Laurent Daynès, Sun Microsystems Laboratories

Portable Resource Control in Java: The J-SEAL2 Approach
Walter Binder, CoCo Software Engineering
Jarle Hulaas, University of Geneva
Alex Villazón, University of Geneva

Incremental Computation of Complex Objects Queries
Hiroaki Nakamura, IBM Tokyo Research Laboratory

Convention Center — Ballroom D
Session C
Practitioner Reports: Software Reuse
Chair: Jim Doble, Tavve Software Company

Many organizations have looked to object technology as a means to achieve significant gains in software reuse. Results, however, have run the gamut from stunning success to unmitigated disaster. The first paper in this session presents a survey of results from a variety of reuse-oriented projects within Mentor Graphics Corporation over the past 12 years. The last two papers describe experiences and lessons learned on individual projects involving the development of reusable frameworks.

Mentor Graphics Corporation’s Experiences with Object-Oriented Software Technology Reuse
Phil Brooks, Mentor Graphics Corporation
Steve Aho, Mentor Graphics Corporation

Since 1989, Mentor Graphics Corporation has undertaken a number of large-scale projects where software reuse, in various forms, was a major goal. A team of seven senior software development engineers recently examined software reuse practices within Mentor Graphics in order to figure out what works, what doesn’t, and why. Several actual projects, some that were successful and others that were not, are reviewed. The findings from these project experiences, along with the combined experiences of the members of the team, lead to conclusions on how organizational structure combined with the various reuse strategies presented aid or hinder reuse.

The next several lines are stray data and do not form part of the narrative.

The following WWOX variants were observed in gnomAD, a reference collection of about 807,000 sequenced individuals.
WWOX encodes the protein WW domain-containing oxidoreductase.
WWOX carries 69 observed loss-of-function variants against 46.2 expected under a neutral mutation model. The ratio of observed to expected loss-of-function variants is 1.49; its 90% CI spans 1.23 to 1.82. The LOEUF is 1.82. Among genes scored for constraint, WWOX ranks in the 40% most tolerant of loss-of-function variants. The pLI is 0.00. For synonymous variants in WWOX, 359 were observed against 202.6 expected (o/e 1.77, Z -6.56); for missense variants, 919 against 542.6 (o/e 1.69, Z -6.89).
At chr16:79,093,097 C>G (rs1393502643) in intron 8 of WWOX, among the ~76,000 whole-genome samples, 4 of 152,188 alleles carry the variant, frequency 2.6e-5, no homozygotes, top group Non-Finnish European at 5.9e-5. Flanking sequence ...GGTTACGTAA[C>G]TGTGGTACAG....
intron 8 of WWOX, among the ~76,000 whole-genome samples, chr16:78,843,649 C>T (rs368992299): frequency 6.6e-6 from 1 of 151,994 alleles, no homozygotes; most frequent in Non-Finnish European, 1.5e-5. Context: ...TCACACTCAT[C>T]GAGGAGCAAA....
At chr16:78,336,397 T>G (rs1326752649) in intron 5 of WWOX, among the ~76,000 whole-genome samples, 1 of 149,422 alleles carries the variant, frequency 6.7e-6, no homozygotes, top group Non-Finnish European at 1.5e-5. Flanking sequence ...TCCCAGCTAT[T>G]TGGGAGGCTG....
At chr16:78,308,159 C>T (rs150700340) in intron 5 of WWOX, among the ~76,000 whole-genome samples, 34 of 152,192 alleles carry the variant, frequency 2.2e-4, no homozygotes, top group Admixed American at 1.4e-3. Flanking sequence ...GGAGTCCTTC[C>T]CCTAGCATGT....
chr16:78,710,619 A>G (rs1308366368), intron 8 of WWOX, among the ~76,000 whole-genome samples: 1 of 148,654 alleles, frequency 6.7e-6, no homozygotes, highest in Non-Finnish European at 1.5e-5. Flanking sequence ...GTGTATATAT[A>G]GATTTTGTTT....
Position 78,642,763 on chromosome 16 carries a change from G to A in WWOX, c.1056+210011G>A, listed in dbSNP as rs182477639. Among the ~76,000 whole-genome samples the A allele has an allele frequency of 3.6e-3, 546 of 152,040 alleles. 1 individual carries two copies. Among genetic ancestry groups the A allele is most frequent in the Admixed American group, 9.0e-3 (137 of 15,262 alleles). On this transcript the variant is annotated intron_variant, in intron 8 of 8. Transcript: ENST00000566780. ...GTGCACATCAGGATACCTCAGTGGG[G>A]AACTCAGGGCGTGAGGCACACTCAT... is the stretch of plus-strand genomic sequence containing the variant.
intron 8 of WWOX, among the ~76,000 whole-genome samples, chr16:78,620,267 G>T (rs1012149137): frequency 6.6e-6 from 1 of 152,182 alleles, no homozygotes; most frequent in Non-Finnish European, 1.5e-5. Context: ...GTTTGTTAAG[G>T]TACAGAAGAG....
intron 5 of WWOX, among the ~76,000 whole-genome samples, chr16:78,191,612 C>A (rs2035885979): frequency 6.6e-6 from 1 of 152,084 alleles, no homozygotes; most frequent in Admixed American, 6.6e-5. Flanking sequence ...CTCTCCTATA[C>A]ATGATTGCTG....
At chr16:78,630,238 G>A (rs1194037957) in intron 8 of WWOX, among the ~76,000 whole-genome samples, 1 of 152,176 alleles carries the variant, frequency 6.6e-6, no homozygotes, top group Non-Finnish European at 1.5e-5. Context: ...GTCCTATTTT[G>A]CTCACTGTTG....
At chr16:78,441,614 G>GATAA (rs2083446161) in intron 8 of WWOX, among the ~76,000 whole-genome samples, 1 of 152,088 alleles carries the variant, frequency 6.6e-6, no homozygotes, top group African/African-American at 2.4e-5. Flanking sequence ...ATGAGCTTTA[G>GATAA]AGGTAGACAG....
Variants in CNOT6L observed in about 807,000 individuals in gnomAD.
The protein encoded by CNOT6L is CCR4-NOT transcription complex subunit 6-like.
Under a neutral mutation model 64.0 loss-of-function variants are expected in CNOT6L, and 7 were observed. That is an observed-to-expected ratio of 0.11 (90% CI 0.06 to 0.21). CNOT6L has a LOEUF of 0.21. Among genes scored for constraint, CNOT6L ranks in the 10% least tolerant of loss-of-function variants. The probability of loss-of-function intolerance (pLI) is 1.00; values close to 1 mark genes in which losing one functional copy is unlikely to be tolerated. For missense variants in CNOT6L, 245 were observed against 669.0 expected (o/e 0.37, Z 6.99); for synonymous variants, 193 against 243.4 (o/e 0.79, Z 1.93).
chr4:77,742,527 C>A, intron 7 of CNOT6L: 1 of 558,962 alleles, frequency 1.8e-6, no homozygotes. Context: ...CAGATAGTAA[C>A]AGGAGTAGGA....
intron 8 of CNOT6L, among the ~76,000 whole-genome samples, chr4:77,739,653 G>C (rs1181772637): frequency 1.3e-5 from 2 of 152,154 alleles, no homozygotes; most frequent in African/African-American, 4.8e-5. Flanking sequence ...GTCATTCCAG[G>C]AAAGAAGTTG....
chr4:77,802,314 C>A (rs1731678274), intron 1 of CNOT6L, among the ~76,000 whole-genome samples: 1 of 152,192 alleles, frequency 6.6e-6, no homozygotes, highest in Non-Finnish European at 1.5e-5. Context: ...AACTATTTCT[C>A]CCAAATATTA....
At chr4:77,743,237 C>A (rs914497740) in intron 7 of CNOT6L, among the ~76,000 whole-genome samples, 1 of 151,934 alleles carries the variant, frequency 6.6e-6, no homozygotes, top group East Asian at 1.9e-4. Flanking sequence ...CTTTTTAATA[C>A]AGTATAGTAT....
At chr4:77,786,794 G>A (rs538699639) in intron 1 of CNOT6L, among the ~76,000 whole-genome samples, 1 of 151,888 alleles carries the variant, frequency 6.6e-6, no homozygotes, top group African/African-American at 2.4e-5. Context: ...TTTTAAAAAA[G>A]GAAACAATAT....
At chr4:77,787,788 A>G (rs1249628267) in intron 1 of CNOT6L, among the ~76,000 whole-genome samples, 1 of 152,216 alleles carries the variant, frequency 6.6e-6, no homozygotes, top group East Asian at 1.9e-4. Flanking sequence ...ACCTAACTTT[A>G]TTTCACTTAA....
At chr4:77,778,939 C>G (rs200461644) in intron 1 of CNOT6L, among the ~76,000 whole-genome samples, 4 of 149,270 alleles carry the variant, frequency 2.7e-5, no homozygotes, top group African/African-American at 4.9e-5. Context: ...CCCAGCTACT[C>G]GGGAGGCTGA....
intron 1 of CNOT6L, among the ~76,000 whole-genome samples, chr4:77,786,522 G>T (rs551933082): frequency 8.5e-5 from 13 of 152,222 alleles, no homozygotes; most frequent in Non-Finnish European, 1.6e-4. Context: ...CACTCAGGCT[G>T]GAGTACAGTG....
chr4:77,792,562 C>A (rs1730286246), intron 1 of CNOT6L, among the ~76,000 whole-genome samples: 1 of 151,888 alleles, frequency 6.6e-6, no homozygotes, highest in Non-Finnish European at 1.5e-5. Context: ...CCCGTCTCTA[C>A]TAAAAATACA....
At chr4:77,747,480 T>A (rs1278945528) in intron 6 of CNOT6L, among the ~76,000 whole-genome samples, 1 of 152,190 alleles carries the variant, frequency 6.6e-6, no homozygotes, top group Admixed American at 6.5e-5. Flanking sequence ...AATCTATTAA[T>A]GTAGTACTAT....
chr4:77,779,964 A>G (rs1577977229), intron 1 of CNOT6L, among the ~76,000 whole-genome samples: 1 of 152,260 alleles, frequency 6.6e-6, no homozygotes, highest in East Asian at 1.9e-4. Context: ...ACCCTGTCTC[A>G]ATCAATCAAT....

Construction of an Object-Oriented Framework for Text Mining
James W. Cooper, IBM T. J. Watson Research Center
Edward C. So, IBM T. J. Watson Research Center
Christian L. Cesar, IBM T. J. Watson Research Center
Robert L. Mack, IBM T. J. Watson Research Center

This paper describes the construction of a Java class library for text mining and information retrieval. The system consists of Facades around a database, a search engine, and a text mining tool. The authors discuss the design of the object models used for each of these elements, how these object models evolved as different databases and search engines became available, how they needed to evolve the system further in work with their customer, and the eventual fate of the system after the customer adopted the final version of the code, showing what was learned from the experience.

Applying Design Patterns and Other Technologies to On-Line Application Servers for Bill Payment, Bill Delivery, and Banking
Don Barton, CheckFree Corporation

This paper discusses how an organization gained high levels of reuse and developer concurrency, as well as scalability and availability by leveraging techniques from OOPSLA and other sources. The author discusses how a team and a process were built around the use of design patterns, frameworks, metaobject protocols, refactoring, code generation, and a custom build environment with integrated testing.